China Covid quarantine: Murder suspect fled Taiwan. Then he got stuck in a hotel room
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Murder suspect who fled to China hours after he allegedly shot dead man in Taiwan on Monday is now “trapped” in hotel quarantine upon arrival in coastal city of Xiamen – bracing for easy capture by the authorities.
Taiwanese law enforcement officials have enlisted the help of their Chinese counterparts in returning the suspected gunman to the island, the Taiwan Bureau of Criminal Investigation (CIB) told CNN on Thursday.
Foreign visitors, from tourists to students, are largely prohibited from entering mainland China. The few people allowed in, as well as returning Chinese citizens, must undergo at least 14 days of centralized quarantine – and the same goes for fugitives.
The suspect, nicknamed Huang, in his thirties, allegedly shot a 45-year-old man on Monday morning in New Taipei City, according to the Central Taiwan News Agency (CNA).
The victim sustained two gunshot wounds to the neck and was pronounced dead at a local hospital later Monday, according to local police, who learned of the shooting around 8 a.m. local time.
Huang, meanwhile, allegedly fled the scene in a silver car, which he is later accused of leaving in a mall parking lot, CNA reported. He then allegedly tried to cover his tracks by changing clothes twice and taking different modes of transport to get to Taoyuan International Airport, where he boarded a plane that left for mainland China to noon, according to the report.
Huang is said to be in quarantine at a hotel in Xiamen, CNA reported.
Taiwanese police are investigating the case, according to CNA. The report adds that the Chinese Ministry of Public Security has received CIB’s extradition request.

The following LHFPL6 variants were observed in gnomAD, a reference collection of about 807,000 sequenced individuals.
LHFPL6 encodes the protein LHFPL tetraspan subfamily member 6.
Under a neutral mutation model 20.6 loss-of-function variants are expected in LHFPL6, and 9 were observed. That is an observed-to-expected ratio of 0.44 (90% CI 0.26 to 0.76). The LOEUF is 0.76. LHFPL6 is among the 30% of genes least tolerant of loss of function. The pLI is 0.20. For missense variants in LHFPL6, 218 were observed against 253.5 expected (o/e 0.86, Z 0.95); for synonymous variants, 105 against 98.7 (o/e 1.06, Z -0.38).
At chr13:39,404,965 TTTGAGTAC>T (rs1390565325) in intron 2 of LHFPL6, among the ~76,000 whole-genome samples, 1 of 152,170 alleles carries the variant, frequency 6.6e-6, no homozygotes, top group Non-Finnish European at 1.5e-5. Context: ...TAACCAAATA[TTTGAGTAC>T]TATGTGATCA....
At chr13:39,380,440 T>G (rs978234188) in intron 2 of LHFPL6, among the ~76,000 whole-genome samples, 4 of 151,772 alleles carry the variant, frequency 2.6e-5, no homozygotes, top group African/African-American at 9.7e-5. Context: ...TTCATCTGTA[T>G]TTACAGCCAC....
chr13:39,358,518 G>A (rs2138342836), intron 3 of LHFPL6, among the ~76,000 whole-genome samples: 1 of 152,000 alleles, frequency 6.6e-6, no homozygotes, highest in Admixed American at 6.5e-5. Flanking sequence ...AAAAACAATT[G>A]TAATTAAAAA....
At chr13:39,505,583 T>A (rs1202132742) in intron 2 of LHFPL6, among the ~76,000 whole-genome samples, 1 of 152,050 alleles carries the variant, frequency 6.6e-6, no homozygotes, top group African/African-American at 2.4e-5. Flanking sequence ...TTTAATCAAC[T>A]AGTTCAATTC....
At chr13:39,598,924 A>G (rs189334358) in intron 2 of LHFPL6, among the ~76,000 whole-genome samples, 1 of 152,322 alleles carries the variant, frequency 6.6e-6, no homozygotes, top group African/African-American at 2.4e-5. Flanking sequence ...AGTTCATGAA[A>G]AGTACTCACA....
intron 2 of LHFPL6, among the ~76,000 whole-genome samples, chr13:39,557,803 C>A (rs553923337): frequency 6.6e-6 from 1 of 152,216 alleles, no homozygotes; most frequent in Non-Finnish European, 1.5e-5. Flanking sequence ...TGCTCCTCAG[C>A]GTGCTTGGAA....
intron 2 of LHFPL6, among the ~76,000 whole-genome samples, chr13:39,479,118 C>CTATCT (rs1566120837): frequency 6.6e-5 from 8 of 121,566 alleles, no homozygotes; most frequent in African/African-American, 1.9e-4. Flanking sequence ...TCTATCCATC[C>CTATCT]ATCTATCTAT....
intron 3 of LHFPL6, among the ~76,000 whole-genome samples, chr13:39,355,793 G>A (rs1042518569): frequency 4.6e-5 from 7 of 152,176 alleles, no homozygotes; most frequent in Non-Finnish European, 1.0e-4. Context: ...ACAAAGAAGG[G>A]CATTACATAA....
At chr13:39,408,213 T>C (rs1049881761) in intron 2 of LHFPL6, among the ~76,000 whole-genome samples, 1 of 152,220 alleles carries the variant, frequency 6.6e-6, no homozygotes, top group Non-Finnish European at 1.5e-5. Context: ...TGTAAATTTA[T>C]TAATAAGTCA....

In its response to CNN, the CIB declined to comment on the progress of the extradition, citing ongoing negotiations with Chinese authorities.
“(He) may escape arrest by Taiwanese police, but he cannot escape the mainland’s epidemic prevention and control measures,” a senior commentary said on Weibo.
“After arriving on the mainland, he had to be taken to quarantine as soon as he got off the plane!” said another.
At a press conference on Wednesday, Zhu Fenglian, spokesperson for the Chinese Taiwan Affairs Bureau, took note of the reports of the shooting, without giving any details. “We are currently checking the details of the situation,” she said.
On Weibo, some users see the case as an opportunity to advance Beijing’s claim to sovereignty over Taiwan.
“I hope the trial will be held on the mainland and the central government will uphold justice for compatriots in Taiwan, so that we can truly benefit Taiwan and warm people’s hearts,” a popular commentary said.
Beijing considers the autonomous democracy of 24 million people to be part of its territory, although the Chinese Communist Party has never ruled Taiwan. For decades after the founding of the People’s Republic of China, animosity reigned between Beijing and Taipei, with trade, travel and communications largely cut off and military conflicts erupting.
But tensions began to ease in the late 1980s, and in 1990 the two sides signed the Kinmen Accord, which allowed them to hand over illegal immigrants, suspects and convicted criminals to each other.
In 2009, Beijing and Taipei signed a new agreement that institutionalizes the fight against cross-strait crime and mutual legal assistance, covering “narcotics, smuggling, money laundering, fraud, corruption and other economic crimes ”.
Since then, Taiwan has received 502 suspected criminals from China, according to data provided by the Taiwan Ministry of Justice.
Previous high-profile extradition cases include former Taiwanese judge Lee Dong-ying, who fled to southern China’s Guangdong Province after being convicted of corruption in Taiwan, and Chen Yung-chih, a wanted criminal who has been involved in at least five shootings on the island.
China, meanwhile, has taken in 21 people from Taiwan, according to the island’s justice ministry.
But relations between Beijing and Taipei have become icy since Tsai Ing-wen of the traditionally pro-independence Democratic Progressive Party became president of Taiwan in 2016. And with it, the number of cross-strait extraditions has also plummeted.
In 2015, Beijing surrendered 63 wanted fugitives in Taipei. That number plunged to 17 the following year and has been dropping steadily since. Last year, only four suspects were returned to Taiwan from China.
And this year, in September, no suspects had been extradited.
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